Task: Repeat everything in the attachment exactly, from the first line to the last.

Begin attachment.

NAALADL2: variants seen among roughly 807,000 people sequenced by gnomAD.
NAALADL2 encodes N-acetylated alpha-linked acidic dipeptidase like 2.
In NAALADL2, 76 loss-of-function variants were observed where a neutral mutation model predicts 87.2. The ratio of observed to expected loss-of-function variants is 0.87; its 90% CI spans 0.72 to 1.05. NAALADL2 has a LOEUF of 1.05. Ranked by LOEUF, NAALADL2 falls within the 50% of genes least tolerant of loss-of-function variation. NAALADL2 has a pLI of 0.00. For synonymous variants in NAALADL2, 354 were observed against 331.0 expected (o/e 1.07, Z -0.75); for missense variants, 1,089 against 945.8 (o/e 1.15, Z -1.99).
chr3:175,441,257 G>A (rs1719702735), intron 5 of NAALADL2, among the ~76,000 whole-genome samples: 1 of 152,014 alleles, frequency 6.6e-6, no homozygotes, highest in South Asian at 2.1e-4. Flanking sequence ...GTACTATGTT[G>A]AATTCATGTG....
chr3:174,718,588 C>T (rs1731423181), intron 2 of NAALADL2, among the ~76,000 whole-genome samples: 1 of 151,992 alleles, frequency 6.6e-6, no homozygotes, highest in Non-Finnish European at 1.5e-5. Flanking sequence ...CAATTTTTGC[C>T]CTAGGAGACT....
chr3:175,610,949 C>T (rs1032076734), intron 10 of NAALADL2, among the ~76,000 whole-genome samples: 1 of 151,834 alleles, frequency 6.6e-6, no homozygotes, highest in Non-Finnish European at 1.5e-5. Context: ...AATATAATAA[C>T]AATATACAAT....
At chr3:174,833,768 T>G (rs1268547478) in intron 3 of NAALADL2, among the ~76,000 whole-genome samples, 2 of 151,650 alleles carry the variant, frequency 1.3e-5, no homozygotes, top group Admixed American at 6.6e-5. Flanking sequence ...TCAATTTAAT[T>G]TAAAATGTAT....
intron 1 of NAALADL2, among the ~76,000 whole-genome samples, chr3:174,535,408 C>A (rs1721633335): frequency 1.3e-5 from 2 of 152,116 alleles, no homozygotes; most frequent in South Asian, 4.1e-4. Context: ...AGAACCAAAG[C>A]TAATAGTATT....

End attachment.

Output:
NAALADL2: variants seen among roughly 807,000 people sequenced by gnomAD.
NAALADL2 encodes N-acetylated alpha-linked acidic dipeptidase like 2.
In NAALADL2, 76 loss-of-function variants were observed where a neutral mutation model predicts 87.2. The ratio of observed to expected loss-of-function variants is 0.87; its 90% CI spans 0.72 to 1.05. NAALADL2 has a LOEUF of 1.05. Ranked by LOEUF, NAALADL2 falls within the 50% of genes least tolerant of loss-of-function variation. NAALADL2 has a pLI of 0.00. For synonymous variants in NAALADL2, 354 were observed against 331.0 expected (o/e 1.07, Z -0.75); for missense variants, 1,089 against 945.8 (o/e 1.15, Z -1.99).
chr3:175,441,257 G>A (rs1719702735), intron 5 of NAALADL2, among the ~76,000 whole-genome samples: 1 of 152,014 alleles, frequency 6.6e-6, no homozygotes, highest in South Asian at 2.1e-4. Flanking sequence ...GTACTATGTT[G>A]AATTCATGTG....
chr3:174,718,588 C>T (rs1731423181), intron 2 of NAALADL2, among the ~76,000 whole-genome samples: 1 of 151,992 alleles, frequency 6.6e-6, no homozygotes, highest in Non-Finnish European at 1.5e-5. Flanking sequence ...CAATTTTTGC[C>T]CTAGGAGACT....
chr3:175,610,949 C>T (rs1032076734), intron 10 of NAALADL2, among the ~76,000 whole-genome samples: 1 of 151,834 alleles, frequency 6.6e-6, no homozygotes, highest in Non-Finnish European at 1.5e-5. Context: ...AATATAATAA[C>T]AATATACAAT....
At chr3:174,833,768 T>G (rs1268547478) in intron 3 of NAALADL2, among the ~76,000 whole-genome samples, 2 of 151,650 alleles carry the variant, frequency 1.3e-5, no homozygotes, top group Admixed American at 6.6e-5. Flanking sequence ...TCAATTTAAT[T>G]TAAAATGTAT....
intron 1 of NAALADL2, among the ~76,000 whole-genome samples, chr3:174,535,408 C>A (rs1721633335): frequency 1.3e-5 from 2 of 152,116 alleles, no homozygotes; most frequent in South Asian, 4.1e-4. Context: ...AGAACCAAAG[C>A]TAATAGTATT....